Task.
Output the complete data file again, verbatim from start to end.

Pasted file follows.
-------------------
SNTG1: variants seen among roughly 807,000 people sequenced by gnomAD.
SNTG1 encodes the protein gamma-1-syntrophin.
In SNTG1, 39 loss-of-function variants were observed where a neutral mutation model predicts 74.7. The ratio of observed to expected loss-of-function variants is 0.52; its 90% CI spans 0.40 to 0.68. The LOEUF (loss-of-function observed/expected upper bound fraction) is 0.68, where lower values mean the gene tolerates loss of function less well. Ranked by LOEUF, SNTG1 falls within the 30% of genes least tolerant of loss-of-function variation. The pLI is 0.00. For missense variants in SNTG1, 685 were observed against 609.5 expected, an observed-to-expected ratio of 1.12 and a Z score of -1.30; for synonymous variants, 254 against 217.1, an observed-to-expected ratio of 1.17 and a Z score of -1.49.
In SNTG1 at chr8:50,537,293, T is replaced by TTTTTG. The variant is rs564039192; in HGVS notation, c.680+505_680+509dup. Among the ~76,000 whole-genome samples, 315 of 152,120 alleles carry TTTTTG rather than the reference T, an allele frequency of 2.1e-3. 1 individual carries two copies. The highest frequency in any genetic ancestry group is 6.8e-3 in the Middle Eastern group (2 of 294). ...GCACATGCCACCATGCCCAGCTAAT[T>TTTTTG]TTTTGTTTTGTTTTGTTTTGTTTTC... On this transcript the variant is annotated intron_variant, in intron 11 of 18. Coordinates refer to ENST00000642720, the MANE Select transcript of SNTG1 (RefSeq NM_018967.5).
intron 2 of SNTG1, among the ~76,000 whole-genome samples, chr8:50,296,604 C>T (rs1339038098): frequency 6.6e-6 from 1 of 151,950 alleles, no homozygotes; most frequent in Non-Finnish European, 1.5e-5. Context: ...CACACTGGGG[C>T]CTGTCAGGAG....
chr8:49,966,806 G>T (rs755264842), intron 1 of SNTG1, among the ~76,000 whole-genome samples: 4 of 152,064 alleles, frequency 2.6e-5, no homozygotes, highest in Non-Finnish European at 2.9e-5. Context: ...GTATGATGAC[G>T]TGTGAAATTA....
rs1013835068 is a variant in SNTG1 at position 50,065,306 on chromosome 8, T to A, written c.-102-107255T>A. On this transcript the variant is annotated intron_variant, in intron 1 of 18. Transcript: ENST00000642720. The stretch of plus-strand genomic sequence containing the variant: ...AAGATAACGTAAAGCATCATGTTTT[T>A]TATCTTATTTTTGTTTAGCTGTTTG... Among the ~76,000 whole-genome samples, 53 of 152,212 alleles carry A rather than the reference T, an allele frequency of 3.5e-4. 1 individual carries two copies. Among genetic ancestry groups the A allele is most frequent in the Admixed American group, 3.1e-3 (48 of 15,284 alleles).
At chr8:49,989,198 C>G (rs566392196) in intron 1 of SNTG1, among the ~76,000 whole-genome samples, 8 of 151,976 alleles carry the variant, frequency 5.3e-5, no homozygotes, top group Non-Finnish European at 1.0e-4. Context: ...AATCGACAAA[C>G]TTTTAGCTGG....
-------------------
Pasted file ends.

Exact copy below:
SNTG1: variants seen among roughly 807,000 people sequenced by gnomAD.
SNTG1 encodes the protein gamma-1-syntrophin.
In SNTG1, 39 loss-of-function variants were observed where a neutral mutation model predicts 74.7. The ratio of observed to expected loss-of-function variants is 0.52; its 90% CI spans 0.40 to 0.68. The LOEUF (loss-of-function observed/expected upper bound fraction) is 0.68, where lower values mean the gene tolerates loss of function less well. Ranked by LOEUF, SNTG1 falls within the 30% of genes least tolerant of loss-of-function variation. The pLI is 0.00. For missense variants in SNTG1, 685 were observed against 609.5 expected, an observed-to-expected ratio of 1.12 and a Z score of -1.30; for synonymous variants, 254 against 217.1, an observed-to-expected ratio of 1.17 and a Z score of -1.49.
In SNTG1 at chr8:50,537,293, T is replaced by TTTTTG. The variant is rs564039192; in HGVS notation, c.680+505_680+509dup. Among the ~76,000 whole-genome samples, 315 of 152,120 alleles carry TTTTTG rather than the reference T, an allele frequency of 2.1e-3. 1 individual carries two copies. The highest frequency in any genetic ancestry group is 6.8e-3 in the Middle Eastern group (2 of 294). ...GCACATGCCACCATGCCCAGCTAAT[T>TTTTTG]TTTTGTTTTGTTTTGTTTTGTTTTC... On this transcript the variant is annotated intron_variant, in intron 11 of 18. Coordinates refer to ENST00000642720, the MANE Select transcript of SNTG1 (RefSeq NM_018967.5).
intron 2 of SNTG1, among the ~76,000 whole-genome samples, chr8:50,296,604 C>T (rs1339038098): frequency 6.6e-6 from 1 of 151,950 alleles, no homozygotes; most frequent in Non-Finnish European, 1.5e-5. Context: ...CACACTGGGG[C>T]CTGTCAGGAG....
chr8:49,966,806 G>T (rs755264842), intron 1 of SNTG1, among the ~76,000 whole-genome samples: 4 of 152,064 alleles, frequency 2.6e-5, no homozygotes, highest in Non-Finnish European at 2.9e-5. Context: ...GTATGATGAC[G>T]TGTGAAATTA....
rs1013835068 is a variant in SNTG1 at position 50,065,306 on chromosome 8, T to A, written c.-102-107255T>A. On this transcript the variant is annotated intron_variant, in intron 1 of 18. Transcript: ENST00000642720. The stretch of plus-strand genomic sequence containing the variant: ...AAGATAACGTAAAGCATCATGTTTT[T>A]TATCTTATTTTTGTTTAGCTGTTTG... Among the ~76,000 whole-genome samples, 53 of 152,212 alleles carry A rather than the reference T, an allele frequency of 3.5e-4. 1 individual carries two copies. Among genetic ancestry groups the A allele is most frequent in the Admixed American group, 3.1e-3 (48 of 15,284 alleles).
At chr8:49,989,198 C>G (rs566392196) in intron 1 of SNTG1, among the ~76,000 whole-genome samples, 8 of 151,976 alleles carry the variant, frequency 5.3e-5, no homozygotes, top group Non-Finnish European at 1.0e-4. Context: ...AATCGACAAA[C>G]TTTTAGCTGG....